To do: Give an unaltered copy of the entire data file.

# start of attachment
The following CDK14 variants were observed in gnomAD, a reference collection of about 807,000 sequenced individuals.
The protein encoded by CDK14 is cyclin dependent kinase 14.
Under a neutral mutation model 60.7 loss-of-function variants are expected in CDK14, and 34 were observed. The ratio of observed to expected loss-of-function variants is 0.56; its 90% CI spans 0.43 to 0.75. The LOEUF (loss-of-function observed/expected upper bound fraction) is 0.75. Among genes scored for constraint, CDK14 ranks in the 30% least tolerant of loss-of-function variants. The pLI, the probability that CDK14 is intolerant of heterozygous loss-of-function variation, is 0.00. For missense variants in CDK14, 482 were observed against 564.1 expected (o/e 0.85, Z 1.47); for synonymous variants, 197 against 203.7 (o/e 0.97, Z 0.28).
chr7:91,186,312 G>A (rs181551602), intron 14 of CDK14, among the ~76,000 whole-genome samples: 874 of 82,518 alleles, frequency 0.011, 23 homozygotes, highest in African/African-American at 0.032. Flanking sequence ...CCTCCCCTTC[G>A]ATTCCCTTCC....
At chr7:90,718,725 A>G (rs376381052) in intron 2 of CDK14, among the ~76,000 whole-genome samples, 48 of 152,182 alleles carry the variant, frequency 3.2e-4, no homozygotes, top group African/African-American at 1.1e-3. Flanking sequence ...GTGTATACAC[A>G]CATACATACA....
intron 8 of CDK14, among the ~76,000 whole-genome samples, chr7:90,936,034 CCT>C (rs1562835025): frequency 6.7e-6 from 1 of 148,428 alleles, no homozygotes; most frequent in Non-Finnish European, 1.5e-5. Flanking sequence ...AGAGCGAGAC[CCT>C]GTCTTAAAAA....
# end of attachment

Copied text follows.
The following CDK14 variants were observed in gnomAD, a reference collection of about 807,000 sequenced individuals.
The protein encoded by CDK14 is cyclin dependent kinase 14.
Under a neutral mutation model 60.7 loss-of-function variants are expected in CDK14, and 34 were observed. The ratio of observed to expected loss-of-function variants is 0.56; its 90% CI spans 0.43 to 0.75. The LOEUF (loss-of-function observed/expected upper bound fraction) is 0.75. Among genes scored for constraint, CDK14 ranks in the 30% least tolerant of loss-of-function variants. The pLI, the probability that CDK14 is intolerant of heterozygous loss-of-function variation, is 0.00. For missense variants in CDK14, 482 were observed against 564.1 expected (o/e 0.85, Z 1.47); for synonymous variants, 197 against 203.7 (o/e 0.97, Z 0.28).
chr7:91,186,312 G>A (rs181551602), intron 14 of CDK14, among the ~76,000 whole-genome samples: 874 of 82,518 alleles, frequency 0.011, 23 homozygotes, highest in African/African-American at 0.032. Flanking sequence ...CCTCCCCTTC[G>A]ATTCCCTTCC....
At chr7:90,718,725 A>G (rs376381052) in intron 2 of CDK14, among the ~76,000 whole-genome samples, 48 of 152,182 alleles carry the variant, frequency 3.2e-4, no homozygotes, top group African/African-American at 1.1e-3. Flanking sequence ...GTGTATACAC[A>G]CATACATACA....
intron 8 of CDK14, among the ~76,000 whole-genome samples, chr7:90,936,034 CCT>C (rs1562835025): frequency 6.7e-6 from 1 of 148,428 alleles, no homozygotes; most frequent in Non-Finnish European, 1.5e-5. Flanking sequence ...AGAGCGAGAC[CCT>C]GTCTTAAAAA....